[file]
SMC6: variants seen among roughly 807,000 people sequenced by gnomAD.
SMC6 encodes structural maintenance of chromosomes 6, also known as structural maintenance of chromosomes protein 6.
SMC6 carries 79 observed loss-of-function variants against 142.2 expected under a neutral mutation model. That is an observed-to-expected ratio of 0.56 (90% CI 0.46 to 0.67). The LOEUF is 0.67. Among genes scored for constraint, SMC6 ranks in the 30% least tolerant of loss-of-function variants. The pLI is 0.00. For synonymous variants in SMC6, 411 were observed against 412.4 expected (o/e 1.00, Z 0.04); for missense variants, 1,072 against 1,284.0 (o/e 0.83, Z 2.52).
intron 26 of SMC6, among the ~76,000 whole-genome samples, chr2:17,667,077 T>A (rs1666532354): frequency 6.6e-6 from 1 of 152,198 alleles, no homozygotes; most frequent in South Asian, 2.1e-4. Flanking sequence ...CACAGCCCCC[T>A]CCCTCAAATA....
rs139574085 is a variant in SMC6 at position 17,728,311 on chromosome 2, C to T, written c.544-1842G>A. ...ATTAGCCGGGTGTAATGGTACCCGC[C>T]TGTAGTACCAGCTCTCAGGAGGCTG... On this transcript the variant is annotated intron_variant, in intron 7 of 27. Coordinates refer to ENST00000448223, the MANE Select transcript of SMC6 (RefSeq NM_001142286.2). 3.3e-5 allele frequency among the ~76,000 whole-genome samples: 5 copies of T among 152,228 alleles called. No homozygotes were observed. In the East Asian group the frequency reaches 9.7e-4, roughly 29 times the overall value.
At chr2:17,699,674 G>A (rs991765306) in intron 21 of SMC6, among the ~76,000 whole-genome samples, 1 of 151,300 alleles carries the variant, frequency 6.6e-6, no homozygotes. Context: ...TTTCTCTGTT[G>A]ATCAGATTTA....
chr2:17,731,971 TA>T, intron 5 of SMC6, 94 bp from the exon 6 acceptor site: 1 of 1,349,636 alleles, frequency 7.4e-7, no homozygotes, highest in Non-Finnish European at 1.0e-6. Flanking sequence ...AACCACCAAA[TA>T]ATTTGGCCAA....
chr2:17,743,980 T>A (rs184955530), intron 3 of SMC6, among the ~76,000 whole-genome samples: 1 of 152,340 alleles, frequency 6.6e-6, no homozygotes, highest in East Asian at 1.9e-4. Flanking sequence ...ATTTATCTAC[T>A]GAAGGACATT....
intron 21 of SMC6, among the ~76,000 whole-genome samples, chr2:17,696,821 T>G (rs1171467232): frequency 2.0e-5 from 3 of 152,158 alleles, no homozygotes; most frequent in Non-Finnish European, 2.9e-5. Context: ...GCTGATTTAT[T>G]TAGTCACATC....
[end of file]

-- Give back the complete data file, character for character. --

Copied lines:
SMC6: variants seen among roughly 807,000 people sequenced by gnomAD.
SMC6 encodes structural maintenance of chromosomes 6, also known as structural maintenance of chromosomes protein 6.
SMC6 carries 79 observed loss-of-function variants against 142.2 expected under a neutral mutation model. That is an observed-to-expected ratio of 0.56 (90% CI 0.46 to 0.67). The LOEUF is 0.67. Among genes scored for constraint, SMC6 ranks in the 30% least tolerant of loss-of-function variants. The pLI is 0.00. For synonymous variants in SMC6, 411 were observed against 412.4 expected (o/e 1.00, Z 0.04); for missense variants, 1,072 against 1,284.0 (o/e 0.83, Z 2.52).
intron 26 of SMC6, among the ~76,000 whole-genome samples, chr2:17,667,077 T>A (rs1666532354): frequency 6.6e-6 from 1 of 152,198 alleles, no homozygotes; most frequent in South Asian, 2.1e-4. Flanking sequence ...CACAGCCCCC[T>A]CCCTCAAATA....
rs139574085 is a variant in SMC6 at position 17,728,311 on chromosome 2, C to T, written c.544-1842G>A. ...ATTAGCCGGGTGTAATGGTACCCGC[C>T]TGTAGTACCAGCTCTCAGGAGGCTG... On this transcript the variant is annotated intron_variant, in intron 7 of 27. Coordinates refer to ENST00000448223, the MANE Select transcript of SMC6 (RefSeq NM_001142286.2). 3.3e-5 allele frequency among the ~76,000 whole-genome samples: 5 copies of T among 152,228 alleles called. No homozygotes were observed. In the East Asian group the frequency reaches 9.7e-4, roughly 29 times the overall value.
At chr2:17,699,674 G>A (rs991765306) in intron 21 of SMC6, among the ~76,000 whole-genome samples, 1 of 151,300 alleles carries the variant, frequency 6.6e-6, no homozygotes. Context: ...TTTCTCTGTT[G>A]ATCAGATTTA....
chr2:17,731,971 TA>T, intron 5 of SMC6, 94 bp from the exon 6 acceptor site: 1 of 1,349,636 alleles, frequency 7.4e-7, no homozygotes, highest in Non-Finnish European at 1.0e-6. Flanking sequence ...AACCACCAAA[TA>T]ATTTGGCCAA....
chr2:17,743,980 T>A (rs184955530), intron 3 of SMC6, among the ~76,000 whole-genome samples: 1 of 152,340 alleles, frequency 6.6e-6, no homozygotes, highest in East Asian at 1.9e-4. Flanking sequence ...ATTTATCTAC[T>A]GAAGGACATT....
intron 21 of SMC6, among the ~76,000 whole-genome samples, chr2:17,696,821 T>G (rs1171467232): frequency 2.0e-5 from 3 of 152,158 alleles, no homozygotes; most frequent in Non-Finnish European, 2.9e-5. Context: ...GCTGATTTAT[T>G]TAGTCACATC....